Marissa submitted part 2 of 4 of her short stories, if you don’t recall her first “Autumn” you can revisit it here.

These short stories are meant to be thought provoking and relatable to a variety of audiences that we provide services to at Mirrored Images.


Two more miles… Push. Smile. Wave.

It’s always the same thing, day in/out in this place.  “Senior living” they call it. I call it sitting around doing the same things every day. Each day is programmed. The same plan, the same people, the same food. I can’t believe I am here. I’m 72 and have the energy of women half my age, but my family thinks “this is best” for me since my husband died. What they fail to see is, it’s this place that is going to be the death of me. Even my daily run has become routine. The same neighbors on the same porches waiting on me to pass by. Smile. Wave.

These programmed days have become mind-numbing and have forced me to do some uncharacteristic things just to pass the time. With my granddaughter’s help, I purchased a laptop online, and via the magic of the Internet a nice young man delivered it and set it up for me. The next thing I know I’ve found myself falling down the rabbit hole only to end up three lines deep into my user profile and searching for a recent photo of myself for a 50+ dating site.  I don’t know much about these sites, but I hope it’s free, because I am not trying to explain a monthly charge to Silver Seniors to my daughter the next time, she reviews my finances.

To be honest, I’m not sure I’m even ready to date. I can’t believe anyone can ever come close to my Thomas. He just understood me. I realize I am alone, but I’m not lonely. I am not even sure I care enough to care enough about another person’s thoughts or needs at this point in my life. Yet still, I’ve been sending late-night messages with a gentleman named Adam, and he’s been pushing for a dinner date for a while.  He seems nice enough and I agreed, but now standing in front of the mirror getting ready, I’m searching my mind trying to find a kind way to get out of this and just go back to my couch.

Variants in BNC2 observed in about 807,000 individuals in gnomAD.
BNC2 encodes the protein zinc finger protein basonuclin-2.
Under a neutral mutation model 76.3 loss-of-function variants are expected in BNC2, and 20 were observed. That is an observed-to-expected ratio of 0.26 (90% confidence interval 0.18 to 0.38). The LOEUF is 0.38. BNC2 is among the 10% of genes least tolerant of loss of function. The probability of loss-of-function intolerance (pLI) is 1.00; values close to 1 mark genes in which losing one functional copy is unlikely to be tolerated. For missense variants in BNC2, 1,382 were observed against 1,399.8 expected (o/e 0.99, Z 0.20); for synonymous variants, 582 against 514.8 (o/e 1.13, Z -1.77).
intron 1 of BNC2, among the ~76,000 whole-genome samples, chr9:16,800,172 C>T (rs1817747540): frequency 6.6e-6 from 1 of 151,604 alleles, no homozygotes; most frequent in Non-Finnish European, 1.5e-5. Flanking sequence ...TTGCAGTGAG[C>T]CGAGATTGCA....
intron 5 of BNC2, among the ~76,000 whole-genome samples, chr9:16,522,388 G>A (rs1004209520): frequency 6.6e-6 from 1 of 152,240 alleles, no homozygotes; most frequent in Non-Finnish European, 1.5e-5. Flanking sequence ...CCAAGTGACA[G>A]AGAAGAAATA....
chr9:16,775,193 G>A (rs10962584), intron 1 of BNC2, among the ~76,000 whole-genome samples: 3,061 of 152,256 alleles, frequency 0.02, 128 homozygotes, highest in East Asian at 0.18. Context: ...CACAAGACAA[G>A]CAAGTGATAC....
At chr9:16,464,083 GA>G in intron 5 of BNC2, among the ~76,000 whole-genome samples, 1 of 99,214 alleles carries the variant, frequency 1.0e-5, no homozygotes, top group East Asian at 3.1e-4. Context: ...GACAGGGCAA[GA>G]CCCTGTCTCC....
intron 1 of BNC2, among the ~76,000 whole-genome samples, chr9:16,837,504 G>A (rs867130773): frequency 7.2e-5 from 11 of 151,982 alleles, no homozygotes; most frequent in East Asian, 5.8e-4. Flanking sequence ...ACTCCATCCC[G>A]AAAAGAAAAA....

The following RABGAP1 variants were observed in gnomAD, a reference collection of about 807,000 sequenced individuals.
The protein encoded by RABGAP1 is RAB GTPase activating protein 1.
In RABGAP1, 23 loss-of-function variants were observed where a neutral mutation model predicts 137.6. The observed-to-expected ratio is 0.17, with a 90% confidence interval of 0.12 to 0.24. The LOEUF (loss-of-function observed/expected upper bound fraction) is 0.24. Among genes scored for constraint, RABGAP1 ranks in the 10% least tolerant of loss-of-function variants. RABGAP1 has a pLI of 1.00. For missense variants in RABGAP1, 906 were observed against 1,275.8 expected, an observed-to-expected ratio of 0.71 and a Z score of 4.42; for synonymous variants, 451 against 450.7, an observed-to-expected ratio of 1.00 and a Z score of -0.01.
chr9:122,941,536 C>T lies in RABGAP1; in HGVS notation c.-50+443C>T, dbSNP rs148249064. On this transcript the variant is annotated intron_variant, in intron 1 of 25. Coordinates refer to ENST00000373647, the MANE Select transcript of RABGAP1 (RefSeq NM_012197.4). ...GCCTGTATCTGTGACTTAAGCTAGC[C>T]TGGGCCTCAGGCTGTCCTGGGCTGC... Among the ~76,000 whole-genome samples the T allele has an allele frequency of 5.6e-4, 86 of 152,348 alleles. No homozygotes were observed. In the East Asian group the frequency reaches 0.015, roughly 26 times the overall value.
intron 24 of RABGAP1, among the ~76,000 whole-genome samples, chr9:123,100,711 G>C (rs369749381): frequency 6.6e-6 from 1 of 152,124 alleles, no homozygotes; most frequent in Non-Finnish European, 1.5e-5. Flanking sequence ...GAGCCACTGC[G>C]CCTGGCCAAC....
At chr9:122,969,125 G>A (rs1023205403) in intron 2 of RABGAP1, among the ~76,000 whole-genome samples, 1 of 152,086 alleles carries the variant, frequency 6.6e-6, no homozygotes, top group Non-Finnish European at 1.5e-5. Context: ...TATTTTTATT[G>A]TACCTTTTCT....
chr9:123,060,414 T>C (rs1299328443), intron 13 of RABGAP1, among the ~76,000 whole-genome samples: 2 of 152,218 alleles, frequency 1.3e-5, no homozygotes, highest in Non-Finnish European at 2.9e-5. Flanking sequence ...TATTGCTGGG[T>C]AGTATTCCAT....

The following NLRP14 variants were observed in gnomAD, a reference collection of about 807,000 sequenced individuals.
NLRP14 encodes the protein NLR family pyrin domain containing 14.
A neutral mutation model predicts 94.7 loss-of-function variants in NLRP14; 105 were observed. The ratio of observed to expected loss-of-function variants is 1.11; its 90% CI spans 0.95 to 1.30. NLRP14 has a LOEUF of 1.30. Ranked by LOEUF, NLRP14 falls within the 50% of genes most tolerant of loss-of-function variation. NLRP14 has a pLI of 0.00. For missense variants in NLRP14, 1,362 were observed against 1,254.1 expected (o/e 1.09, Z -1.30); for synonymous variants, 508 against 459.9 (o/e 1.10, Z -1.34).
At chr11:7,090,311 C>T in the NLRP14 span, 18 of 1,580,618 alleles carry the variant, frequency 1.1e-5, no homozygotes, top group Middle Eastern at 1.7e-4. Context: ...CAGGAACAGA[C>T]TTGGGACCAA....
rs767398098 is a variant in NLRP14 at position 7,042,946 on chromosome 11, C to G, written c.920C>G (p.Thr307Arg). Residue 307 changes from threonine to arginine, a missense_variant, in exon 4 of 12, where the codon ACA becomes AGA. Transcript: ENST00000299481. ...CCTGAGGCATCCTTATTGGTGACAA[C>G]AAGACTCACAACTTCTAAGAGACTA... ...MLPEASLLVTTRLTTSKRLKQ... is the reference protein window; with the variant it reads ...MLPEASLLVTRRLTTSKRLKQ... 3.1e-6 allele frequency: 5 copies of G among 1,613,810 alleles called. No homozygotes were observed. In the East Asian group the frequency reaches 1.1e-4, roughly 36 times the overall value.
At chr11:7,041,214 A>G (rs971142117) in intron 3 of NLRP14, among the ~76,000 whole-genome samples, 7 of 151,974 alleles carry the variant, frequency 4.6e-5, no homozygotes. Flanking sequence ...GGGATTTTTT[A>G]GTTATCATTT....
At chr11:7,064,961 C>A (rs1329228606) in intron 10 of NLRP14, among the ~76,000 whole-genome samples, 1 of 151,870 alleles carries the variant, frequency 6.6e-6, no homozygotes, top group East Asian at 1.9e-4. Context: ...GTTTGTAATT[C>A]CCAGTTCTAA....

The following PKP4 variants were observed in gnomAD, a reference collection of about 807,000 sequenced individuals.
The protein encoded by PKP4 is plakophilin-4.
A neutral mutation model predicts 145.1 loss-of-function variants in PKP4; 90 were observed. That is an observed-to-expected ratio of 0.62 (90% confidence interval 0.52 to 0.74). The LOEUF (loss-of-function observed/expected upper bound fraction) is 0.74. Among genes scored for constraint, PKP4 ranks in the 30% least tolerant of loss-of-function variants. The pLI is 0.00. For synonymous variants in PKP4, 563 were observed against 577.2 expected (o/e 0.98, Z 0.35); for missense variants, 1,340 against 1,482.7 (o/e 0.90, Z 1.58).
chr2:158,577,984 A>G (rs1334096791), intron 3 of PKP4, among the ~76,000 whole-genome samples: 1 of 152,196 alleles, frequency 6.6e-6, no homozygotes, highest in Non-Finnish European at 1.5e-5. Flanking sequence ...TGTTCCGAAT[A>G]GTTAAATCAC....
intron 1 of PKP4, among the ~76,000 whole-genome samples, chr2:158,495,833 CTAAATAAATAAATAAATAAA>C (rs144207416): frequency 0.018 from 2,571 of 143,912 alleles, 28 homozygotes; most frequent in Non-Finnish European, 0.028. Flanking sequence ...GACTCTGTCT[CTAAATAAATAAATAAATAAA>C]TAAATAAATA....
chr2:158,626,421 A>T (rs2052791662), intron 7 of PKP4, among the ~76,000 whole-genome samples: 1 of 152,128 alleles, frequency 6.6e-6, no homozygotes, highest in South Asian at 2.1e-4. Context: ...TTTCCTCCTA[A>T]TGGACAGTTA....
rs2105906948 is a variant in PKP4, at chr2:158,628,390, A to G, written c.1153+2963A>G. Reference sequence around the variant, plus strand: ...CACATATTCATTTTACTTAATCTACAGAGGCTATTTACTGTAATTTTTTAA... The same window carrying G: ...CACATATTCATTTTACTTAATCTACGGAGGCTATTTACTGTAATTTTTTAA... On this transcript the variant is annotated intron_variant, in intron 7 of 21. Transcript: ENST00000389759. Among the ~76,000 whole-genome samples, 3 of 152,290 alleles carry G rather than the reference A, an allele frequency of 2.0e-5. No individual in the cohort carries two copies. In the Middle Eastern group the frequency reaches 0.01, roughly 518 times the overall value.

Maybe I should call my daughter, I’m slightly hoping she’ll talk some sense into me. She was a daddy’s girl and I feel our relationship has been a little strained now that he is not here to buffer. Thomas just made things easier, without even trying. Now, without him, when she and I find time to speak, or on a rarer opportunity, we see each other, the air is different. He was the glue for us. Without him, I feel like we are two ends of a power cord, charged and not compatible. Still, she may be able to understand, she’s older now and married. Maybe? [and yet I don’t reach for my phone. Maybe another day.

Today I have this date. Date. What am I 20? It doesn’t sound right even saying it in my head. I don’t feel the butterflies I would’ve in my younger days getting ready, but perhaps I am not meant to. I am in a new season of my life and there is still life to live. No, he’s not Thomas, but at the very least I will get to break up the daily monotony. A new face, a pleasant conversation, and a good meal may be the medicine I need right now to help me get over being SICK of this place.

Or this is what I tell myself as I close the front door behind me and head to the car. I sink into the seat and find myself looking in the rearview mirror making my final adjustments.  I’m moving too slow, and I know it.

I turn over the key and my engine revs loudly as if to encourage me.  Snapping the overhead visor closed, “ok Jan… here we go” and I drive off.